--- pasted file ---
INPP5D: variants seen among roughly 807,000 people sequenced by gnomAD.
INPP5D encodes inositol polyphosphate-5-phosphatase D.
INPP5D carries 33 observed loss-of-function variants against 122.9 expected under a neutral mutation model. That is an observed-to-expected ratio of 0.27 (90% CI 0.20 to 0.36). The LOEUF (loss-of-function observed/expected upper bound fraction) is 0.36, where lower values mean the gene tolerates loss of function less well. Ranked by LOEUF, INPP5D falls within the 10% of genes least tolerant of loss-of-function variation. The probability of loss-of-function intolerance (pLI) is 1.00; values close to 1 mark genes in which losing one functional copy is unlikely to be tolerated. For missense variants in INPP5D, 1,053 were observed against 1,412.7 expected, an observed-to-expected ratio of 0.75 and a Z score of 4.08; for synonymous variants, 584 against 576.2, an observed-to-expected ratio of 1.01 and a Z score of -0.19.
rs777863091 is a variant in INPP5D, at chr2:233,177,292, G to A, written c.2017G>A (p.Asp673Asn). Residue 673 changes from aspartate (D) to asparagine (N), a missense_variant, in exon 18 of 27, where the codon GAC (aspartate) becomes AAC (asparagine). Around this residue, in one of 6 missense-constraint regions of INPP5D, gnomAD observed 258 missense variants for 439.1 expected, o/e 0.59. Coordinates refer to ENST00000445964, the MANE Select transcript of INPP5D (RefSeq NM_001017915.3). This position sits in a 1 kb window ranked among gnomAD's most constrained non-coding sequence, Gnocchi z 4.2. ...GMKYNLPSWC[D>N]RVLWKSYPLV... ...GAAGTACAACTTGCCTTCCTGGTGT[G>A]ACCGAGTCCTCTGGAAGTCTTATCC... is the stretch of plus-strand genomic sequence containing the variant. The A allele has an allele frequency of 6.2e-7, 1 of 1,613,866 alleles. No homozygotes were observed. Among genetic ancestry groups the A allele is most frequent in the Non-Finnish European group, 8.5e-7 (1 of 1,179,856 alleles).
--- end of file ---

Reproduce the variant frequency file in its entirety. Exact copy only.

INPP5D: variants seen among roughly 807,000 people sequenced by gnomAD.
INPP5D encodes inositol polyphosphate-5-phosphatase D.
INPP5D carries 33 observed loss-of-function variants against 122.9 expected under a neutral mutation model. That is an observed-to-expected ratio of 0.27 (90% CI 0.20 to 0.36). The LOEUF (loss-of-function observed/expected upper bound fraction) is 0.36, where lower values mean the gene tolerates loss of function less well. Ranked by LOEUF, INPP5D falls within the 10% of genes least tolerant of loss-of-function variation. The probability of loss-of-function intolerance (pLI) is 1.00; values close to 1 mark genes in which losing one functional copy is unlikely to be tolerated. For missense variants in INPP5D, 1,053 were observed against 1,412.7 expected, an observed-to-expected ratio of 0.75 and a Z score of 4.08; for synonymous variants, 584 against 576.2, an observed-to-expected ratio of 1.01 and a Z score of -0.19.
rs777863091 is a variant in INPP5D, at chr2:233,177,292, G to A, written c.2017G>A (p.Asp673Asn). Residue 673 changes from aspartate (D) to asparagine (N), a missense_variant, in exon 18 of 27, where the codon GAC (aspartate) becomes AAC (asparagine). Around this residue, in one of 6 missense-constraint regions of INPP5D, gnomAD observed 258 missense variants for 439.1 expected, o/e 0.59. Coordinates refer to ENST00000445964, the MANE Select transcript of INPP5D (RefSeq NM_001017915.3). This position sits in a 1 kb window ranked among gnomAD's most constrained non-coding sequence, Gnocchi z 4.2. ...GMKYNLPSWC[D>N]RVLWKSYPLV... ...GAAGTACAACTTGCCTTCCTGGTGT[G>A]ACCGAGTCCTCTGGAAGTCTTATCC... is the stretch of plus-strand genomic sequence containing the variant. The A allele has an allele frequency of 6.2e-7, 1 of 1,613,866 alleles. No homozygotes were observed. Among genetic ancestry groups the A allele is most frequent in the Non-Finnish European group, 8.5e-7 (1 of 1,179,856 alleles).